• Australians Andrew Warren and Chris Gibson launch their book, Surfing Places, Surfboard Makers, with a panel of board shapers (Saturday, 3pm). On Tuesday, May 6, noon to 1pm, they’ll be at UHM Saunders Hall 443 to present as part of the Spring Geography Lecture series.
Maenette Ah Nee-Benham, Puakea Nogelmeier, and Jon Osorio from Hawai‘inuiākea School of Hawaiian Knowledge talk about the Hawai‘inuiākea series of books (Saturday, 3pm)
• Selected readings from MĀNOA: A Pacific Journal of International Writing, as it celebrates its 25th anniversary (Sunday, 1 pm)
• UHM English professor Gary Pak discusses and reads from his latest novel, Brothers under a Same Sky (Sunday 3pm)
• UHM history professor John Rosa examines the social issues in his book, Local Story: The Massie-Kahahawai Case and the Culture of History (Sunday, 4pm)
• Award-winning writer Tom Coffman (I Respectfully Dissent; The Island Edge of America) speaks on the panel, “How Hawai‘i Changed America” (Sunday, 3pm).

Featured distributed titles:

• North Kohala resident William S. Chillingworth presents his book of awe-inspiring photographs, ‘Io Lani: The Hawaiian Hawk, accompanied by chant by Nathan Napoka, whose essays appear in the book (Saturday, 12 noon). A book launch celebration takes place Thursday, May 1, 6:00–8:30pm at Native Books/Nā Mea Hawai‘i—everyone welcome.
• Veteran journalist Denby Fawcett unveils the story of an iconic landmark in Secrets of Diamond Head: A History and Trail Guide (Sunday, 12 noon). This is the first time copies of this hot-off-the-press book will be available for sale.
• Three Hawaiian culture kūpuna, Corinne Chun, Manu Boyd, and Thomas Boyd, will share appreciation of the newly annotated edition of Queen Lili‘uokalani‘s classic memoir, Hawaii’s Story by Hawaii’s Queen (Sunday, 1pm).
• A distinguished panel will discuss the themes in volume three of Japanese Eyes, American Heart (Sunday 4pm).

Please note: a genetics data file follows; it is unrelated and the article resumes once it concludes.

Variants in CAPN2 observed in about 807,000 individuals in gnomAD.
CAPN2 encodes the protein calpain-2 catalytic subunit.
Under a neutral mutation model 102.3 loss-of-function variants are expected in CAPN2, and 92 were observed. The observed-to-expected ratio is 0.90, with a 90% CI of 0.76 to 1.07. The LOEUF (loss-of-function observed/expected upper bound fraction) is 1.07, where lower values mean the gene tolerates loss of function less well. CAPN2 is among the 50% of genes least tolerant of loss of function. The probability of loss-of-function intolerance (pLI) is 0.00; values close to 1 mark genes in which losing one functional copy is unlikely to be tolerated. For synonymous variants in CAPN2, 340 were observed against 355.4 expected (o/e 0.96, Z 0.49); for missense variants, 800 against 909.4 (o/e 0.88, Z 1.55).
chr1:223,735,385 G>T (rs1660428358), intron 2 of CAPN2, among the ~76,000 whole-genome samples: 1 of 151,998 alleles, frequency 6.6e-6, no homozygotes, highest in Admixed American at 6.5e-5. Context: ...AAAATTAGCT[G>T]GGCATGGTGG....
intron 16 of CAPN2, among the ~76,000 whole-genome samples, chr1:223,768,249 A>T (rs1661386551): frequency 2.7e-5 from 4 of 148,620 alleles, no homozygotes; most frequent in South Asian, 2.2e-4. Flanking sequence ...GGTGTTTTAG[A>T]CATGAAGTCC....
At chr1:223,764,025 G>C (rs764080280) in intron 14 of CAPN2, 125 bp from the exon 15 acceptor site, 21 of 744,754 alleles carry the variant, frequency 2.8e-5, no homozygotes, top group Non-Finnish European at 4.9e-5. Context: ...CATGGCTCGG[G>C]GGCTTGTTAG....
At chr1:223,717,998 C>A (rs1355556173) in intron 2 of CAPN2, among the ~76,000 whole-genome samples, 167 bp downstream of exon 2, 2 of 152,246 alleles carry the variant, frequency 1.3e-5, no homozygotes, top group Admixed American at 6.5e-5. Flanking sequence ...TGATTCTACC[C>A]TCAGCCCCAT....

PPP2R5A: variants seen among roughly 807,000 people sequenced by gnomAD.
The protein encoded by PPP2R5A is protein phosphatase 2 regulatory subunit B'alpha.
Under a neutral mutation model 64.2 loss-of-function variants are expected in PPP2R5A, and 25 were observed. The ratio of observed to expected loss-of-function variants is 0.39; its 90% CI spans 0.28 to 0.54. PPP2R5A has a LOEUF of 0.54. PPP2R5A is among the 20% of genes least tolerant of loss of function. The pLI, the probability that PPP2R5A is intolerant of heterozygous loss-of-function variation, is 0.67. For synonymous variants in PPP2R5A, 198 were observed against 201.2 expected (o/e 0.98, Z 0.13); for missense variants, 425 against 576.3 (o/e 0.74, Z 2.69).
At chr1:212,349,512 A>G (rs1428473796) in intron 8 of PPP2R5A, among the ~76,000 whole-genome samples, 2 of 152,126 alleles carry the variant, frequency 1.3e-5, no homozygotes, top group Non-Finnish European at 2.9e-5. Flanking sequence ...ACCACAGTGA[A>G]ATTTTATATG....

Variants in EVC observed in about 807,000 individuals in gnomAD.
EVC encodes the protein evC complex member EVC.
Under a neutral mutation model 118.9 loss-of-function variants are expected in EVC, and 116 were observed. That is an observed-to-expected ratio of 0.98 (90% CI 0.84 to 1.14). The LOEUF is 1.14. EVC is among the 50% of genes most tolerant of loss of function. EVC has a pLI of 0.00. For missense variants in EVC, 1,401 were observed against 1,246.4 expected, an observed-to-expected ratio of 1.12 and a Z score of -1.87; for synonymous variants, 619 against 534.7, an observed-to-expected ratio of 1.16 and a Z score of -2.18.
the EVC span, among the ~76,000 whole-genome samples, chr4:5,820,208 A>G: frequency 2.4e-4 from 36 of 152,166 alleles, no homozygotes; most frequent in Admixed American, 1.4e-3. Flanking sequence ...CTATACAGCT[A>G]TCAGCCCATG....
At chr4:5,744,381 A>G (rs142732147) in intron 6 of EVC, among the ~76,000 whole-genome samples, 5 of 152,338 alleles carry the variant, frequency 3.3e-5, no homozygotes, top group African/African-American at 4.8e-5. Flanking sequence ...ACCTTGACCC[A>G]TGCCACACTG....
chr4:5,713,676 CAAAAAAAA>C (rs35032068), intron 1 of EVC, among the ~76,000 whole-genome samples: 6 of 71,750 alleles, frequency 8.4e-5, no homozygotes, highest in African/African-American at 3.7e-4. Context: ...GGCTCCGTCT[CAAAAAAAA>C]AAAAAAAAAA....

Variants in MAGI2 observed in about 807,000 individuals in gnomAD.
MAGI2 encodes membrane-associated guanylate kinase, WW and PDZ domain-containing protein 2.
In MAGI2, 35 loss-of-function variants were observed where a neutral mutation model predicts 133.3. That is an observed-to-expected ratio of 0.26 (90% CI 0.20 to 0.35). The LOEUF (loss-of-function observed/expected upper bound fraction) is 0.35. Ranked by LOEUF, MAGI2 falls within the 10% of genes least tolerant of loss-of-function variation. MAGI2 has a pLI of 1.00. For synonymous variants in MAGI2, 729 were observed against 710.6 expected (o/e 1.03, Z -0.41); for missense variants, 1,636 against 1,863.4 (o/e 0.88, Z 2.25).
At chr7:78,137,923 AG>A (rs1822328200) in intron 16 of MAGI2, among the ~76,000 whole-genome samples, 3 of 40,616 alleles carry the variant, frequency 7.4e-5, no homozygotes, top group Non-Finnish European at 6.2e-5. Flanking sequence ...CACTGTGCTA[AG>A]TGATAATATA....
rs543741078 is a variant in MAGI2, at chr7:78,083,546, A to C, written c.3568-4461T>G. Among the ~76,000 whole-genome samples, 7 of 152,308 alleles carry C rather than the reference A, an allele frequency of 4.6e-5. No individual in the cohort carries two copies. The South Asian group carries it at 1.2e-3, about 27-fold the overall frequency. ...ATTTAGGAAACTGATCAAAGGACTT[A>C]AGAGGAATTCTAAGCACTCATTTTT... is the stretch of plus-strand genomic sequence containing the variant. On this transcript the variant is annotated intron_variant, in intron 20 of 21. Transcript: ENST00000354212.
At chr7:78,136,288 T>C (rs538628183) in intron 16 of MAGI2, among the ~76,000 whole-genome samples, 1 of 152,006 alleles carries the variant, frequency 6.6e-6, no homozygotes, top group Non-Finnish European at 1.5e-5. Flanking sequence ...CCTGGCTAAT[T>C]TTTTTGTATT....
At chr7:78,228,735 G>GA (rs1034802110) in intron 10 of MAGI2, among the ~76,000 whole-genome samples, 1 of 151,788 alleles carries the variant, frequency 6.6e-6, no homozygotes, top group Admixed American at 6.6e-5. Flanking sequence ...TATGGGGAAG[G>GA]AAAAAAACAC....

Authors will stop by after their presentations throughout the day, so follow them to the UH Press tent, located in the row of publishers along Honolulu Hale (left side of the map). We’ll have event-only discounts and will offer free shipping on orders placed at the booth for titles not available onsite.

See you there!

Sovereign Sugar: Industry and Environment in Hawaii

MacLennanAlthough little remains of Hawai`i’s plantation economy, the sugar industry’s past dominance has created the Hawai`i we see today. Many of the most pressing and controversial issues—urban and resort development, water rights, expansion of suburbs into agriculturally rich lands, pollution from herbicides, invasive species in native forests, an unsustainable economy—can be tied to Hawai`i’s industrial sugar history.

In Sovereign Sugar, Carol MacLennan unravels the tangled relationship between the sugar industry and Hawai`i’s cultural and natural landscapes. It is the first work to fully examine the complex tapestry of socioeconomic, political, and environmental forces that shaped sugar’s role in Hawai`i. While early Polynesian and European influences on island ecosystems started the process of biological change, plantation agriculture, with its voracious need for land and water, profoundly altered Hawai`i’s landscape.

2014 | 400 pages | 21 illustrations | 4 maps
ISBN: 978-0-8248-3949-9 | $39.00s | Cloth

Local Story: The Massie-Kahahawai Case and the Culture of History